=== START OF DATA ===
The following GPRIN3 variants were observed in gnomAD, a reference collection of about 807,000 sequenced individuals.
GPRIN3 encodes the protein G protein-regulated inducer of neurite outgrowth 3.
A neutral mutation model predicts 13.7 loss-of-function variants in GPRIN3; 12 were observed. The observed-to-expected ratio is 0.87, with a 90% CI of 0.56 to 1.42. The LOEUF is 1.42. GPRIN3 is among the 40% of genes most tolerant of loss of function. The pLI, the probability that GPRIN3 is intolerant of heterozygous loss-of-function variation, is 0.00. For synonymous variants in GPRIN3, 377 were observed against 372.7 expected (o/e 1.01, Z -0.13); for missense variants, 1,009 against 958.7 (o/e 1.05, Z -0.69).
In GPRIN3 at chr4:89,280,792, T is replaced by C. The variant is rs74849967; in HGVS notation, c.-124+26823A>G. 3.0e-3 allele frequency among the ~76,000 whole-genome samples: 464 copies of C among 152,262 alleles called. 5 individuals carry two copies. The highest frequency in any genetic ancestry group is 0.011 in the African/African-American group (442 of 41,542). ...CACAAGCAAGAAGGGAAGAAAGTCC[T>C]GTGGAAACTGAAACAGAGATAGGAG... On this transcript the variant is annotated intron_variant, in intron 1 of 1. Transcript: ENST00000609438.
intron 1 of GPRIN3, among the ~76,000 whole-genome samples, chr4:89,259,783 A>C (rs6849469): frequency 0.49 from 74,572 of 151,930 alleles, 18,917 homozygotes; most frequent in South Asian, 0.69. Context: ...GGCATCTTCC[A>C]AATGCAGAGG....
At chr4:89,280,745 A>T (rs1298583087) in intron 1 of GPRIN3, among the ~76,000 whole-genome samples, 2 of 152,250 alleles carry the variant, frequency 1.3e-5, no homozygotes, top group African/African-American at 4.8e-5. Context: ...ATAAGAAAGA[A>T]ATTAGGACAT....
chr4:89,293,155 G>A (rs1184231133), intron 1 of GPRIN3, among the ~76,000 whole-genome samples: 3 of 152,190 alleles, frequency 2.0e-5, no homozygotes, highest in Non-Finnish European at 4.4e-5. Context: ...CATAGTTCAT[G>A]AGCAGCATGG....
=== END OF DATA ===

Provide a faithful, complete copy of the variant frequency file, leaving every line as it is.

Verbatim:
The following GPRIN3 variants were observed in gnomAD, a reference collection of about 807,000 sequenced individuals.
GPRIN3 encodes the protein G protein-regulated inducer of neurite outgrowth 3.
A neutral mutation model predicts 13.7 loss-of-function variants in GPRIN3; 12 were observed. The observed-to-expected ratio is 0.87, with a 90% CI of 0.56 to 1.42. The LOEUF is 1.42. GPRIN3 is among the 40% of genes most tolerant of loss of function. The pLI, the probability that GPRIN3 is intolerant of heterozygous loss-of-function variation, is 0.00. For synonymous variants in GPRIN3, 377 were observed against 372.7 expected (o/e 1.01, Z -0.13); for missense variants, 1,009 against 958.7 (o/e 1.05, Z -0.69).
In GPRIN3 at chr4:89,280,792, T is replaced by C. The variant is rs74849967; in HGVS notation, c.-124+26823A>G. 3.0e-3 allele frequency among the ~76,000 whole-genome samples: 464 copies of C among 152,262 alleles called. 5 individuals carry two copies. The highest frequency in any genetic ancestry group is 0.011 in the African/African-American group (442 of 41,542). ...CACAAGCAAGAAGGGAAGAAAGTCC[T>C]GTGGAAACTGAAACAGAGATAGGAG... On this transcript the variant is annotated intron_variant, in intron 1 of 1. Transcript: ENST00000609438.
intron 1 of GPRIN3, among the ~76,000 whole-genome samples, chr4:89,259,783 A>C (rs6849469): frequency 0.49 from 74,572 of 151,930 alleles, 18,917 homozygotes; most frequent in South Asian, 0.69. Context: ...GGCATCTTCC[A>C]AATGCAGAGG....
At chr4:89,280,745 A>T (rs1298583087) in intron 1 of GPRIN3, among the ~76,000 whole-genome samples, 2 of 152,250 alleles carry the variant, frequency 1.3e-5, no homozygotes, top group African/African-American at 4.8e-5. Context: ...ATAAGAAAGA[A>T]ATTAGGACAT....
chr4:89,293,155 G>A (rs1184231133), intron 1 of GPRIN3, among the ~76,000 whole-genome samples: 3 of 152,190 alleles, frequency 2.0e-5, no homozygotes, highest in Non-Finnish European at 4.4e-5. Context: ...CATAGTTCAT[G>A]AGCAGCATGG....